Huguenot soccer team has a world of talent
Fred Jeter | 5/22/2015, 2:55 p.m. | Updated on 5/22/2015, 2:56 p.m.
It is fitting Huso Hasanovic teaches world geography at Huguenot High School. His global awareness ties in nicely with his other Huguenot duty — coaching Falcons soccer.
With an international cast of athletes, Hasanovic, a native of Bosnia, has guided his fledgling program to championship caliber in just two seasons.
For at least six years, there was no soccer team at the school on Forest Hill Avenue in South Richmond. Hasanovic revived the program in spring 2014 after transferring his teaching assignment from John Marshall High School.
“The main reason I came to Huguenot,” said Hasanovic, “was to start a soccer team — start it from scratch.”
John Marshall High School currently has no soccer team.
Hasanovic credits Falcons Activities Director Shea Collins for making soccer’s rebirth at Huguenot possible.
“Just about everything I asked for, I got a ‘yes’ reply,” said Hasanovic. “It started with ordering balls. There were none when I got here.”
Finding enough athletes willing to commit to playing was the next task.
“We put our fliers, used the public address system — everything we could do,” said Hasanovic.
As it turned out, most applicants were first- or second-generation Americans, many of whom are enrolled in Huguenot’s English as a Second Language (ESL) program.
Hasanovic’s 22-man roster includes athletes from Sudan, El Salvador, Honduras, Guatemala and Mexico.
“Just three are Americans,” he said. “I knew coming here I’d have a very diverse group.”
Spanish is the dominant language within the ranks. Hasanovic is sometimes asked to serve as coach/interpreter. Some of the athletes with more English proficiency help interpret for their teammates.
They all speak fluent “soccer,” however.
Huguenot won the Conference 26 championship last season and advanced to Division 3 Regional play. Repeat honors are expected this year when the Falcons host Conference 26 on May 27 and 29.
Huguenot’s team captains are Alexis Canessa, a native of El Salvador, and Mohamed Abdalla from Sudan.
Abdalla is joined on the squad by his brother, Sami. Their parents, Ismail and Famil Abdalla, brought the family from Khartoum, the capital of the Republic of Sudan, to the United States in 2012. Ismail works for Tyson Foods and Famil works for a hotel.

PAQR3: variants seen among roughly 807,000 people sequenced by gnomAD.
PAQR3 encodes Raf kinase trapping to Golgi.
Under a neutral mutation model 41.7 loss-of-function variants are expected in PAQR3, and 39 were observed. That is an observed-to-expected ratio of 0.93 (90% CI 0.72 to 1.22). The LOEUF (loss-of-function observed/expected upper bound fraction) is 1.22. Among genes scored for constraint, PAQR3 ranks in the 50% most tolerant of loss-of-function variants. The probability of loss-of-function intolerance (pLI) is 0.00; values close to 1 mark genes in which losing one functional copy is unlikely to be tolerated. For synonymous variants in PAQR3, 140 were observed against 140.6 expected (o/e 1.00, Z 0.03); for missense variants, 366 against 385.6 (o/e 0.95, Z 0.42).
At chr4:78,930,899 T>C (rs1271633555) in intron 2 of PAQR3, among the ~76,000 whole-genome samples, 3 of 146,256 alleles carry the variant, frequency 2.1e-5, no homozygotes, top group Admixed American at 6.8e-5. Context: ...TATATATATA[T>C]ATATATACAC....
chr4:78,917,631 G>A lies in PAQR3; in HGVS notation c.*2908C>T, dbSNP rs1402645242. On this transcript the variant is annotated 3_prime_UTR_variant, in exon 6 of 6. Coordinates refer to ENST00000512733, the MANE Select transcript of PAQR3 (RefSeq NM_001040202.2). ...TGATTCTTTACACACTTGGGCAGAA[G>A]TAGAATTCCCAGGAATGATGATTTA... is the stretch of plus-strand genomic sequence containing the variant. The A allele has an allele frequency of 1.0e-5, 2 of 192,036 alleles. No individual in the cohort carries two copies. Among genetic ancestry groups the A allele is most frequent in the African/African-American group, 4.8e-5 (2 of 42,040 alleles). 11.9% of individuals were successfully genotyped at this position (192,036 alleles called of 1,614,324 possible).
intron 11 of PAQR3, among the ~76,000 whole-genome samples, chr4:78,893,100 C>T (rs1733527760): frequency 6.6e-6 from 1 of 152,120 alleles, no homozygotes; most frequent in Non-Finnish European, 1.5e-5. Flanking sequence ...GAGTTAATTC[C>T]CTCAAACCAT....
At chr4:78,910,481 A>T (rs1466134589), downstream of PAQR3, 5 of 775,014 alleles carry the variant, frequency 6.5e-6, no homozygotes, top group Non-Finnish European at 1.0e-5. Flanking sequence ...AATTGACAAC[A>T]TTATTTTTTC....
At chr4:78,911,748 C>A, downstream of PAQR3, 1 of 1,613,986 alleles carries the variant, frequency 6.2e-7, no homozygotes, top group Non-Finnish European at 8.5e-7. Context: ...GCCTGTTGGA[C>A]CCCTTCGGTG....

Both Mohamed and Sami, whose first language is Arabic, also are distance runners for Huguenot’s track team.
The soccer team hasn’t backed down from larger schools on this year’s schedule. So far this spring, the Falcons have wins over L.C. Bird and Varina high schools of Division 5, and tied with Division 5 Clover Hill High School.
Huguenot also dominated its South Side rival, George Wythe High School, 8-0 on May 14, the Falcons’ first home game this spring.
Huguenot’s top scorer has been dynamic freshman Bryner Rosado, a native of Honduras. Already, he has logged 10 goals.
“Bryner has incredible speed and awareness,” said Hasanovic. “He is relentless in his passion to score.”
Hasanovic says his Falcons would be considerably stronger if not for the Richmond Public Schools’ imposed 2.0 GPA rule.
“We’ve lost a lot of very good players to that,” he said. “It’s very difficult for some of these kids, sitting in class when they don’t understand everything being said.”
That’s one of many disadvantages.
At many suburban schools, soccer players hone their skills playing for privately run — and often expensive — club squads. That is less common at Huguenot.
Many of the Falcons receive their only extra training in a mostly Spanish-speaking league of primarily adults that plays on Sundays behind Manchester Middle School in Chesterfield County.
Lack of tradition might be Hasanovic’s tallest hurdle at a school known best for basketball and football.
“We’ve worked hard to get kids to want to play for the school,” he said. “Once you have some success, like we’ve had, it becomes easier. Everyone wants to be part of a winner.”
The mounting victories and additions to the school’s trophy case have left the Falcons smiling.
And the great thing about smiles is that they require no translation.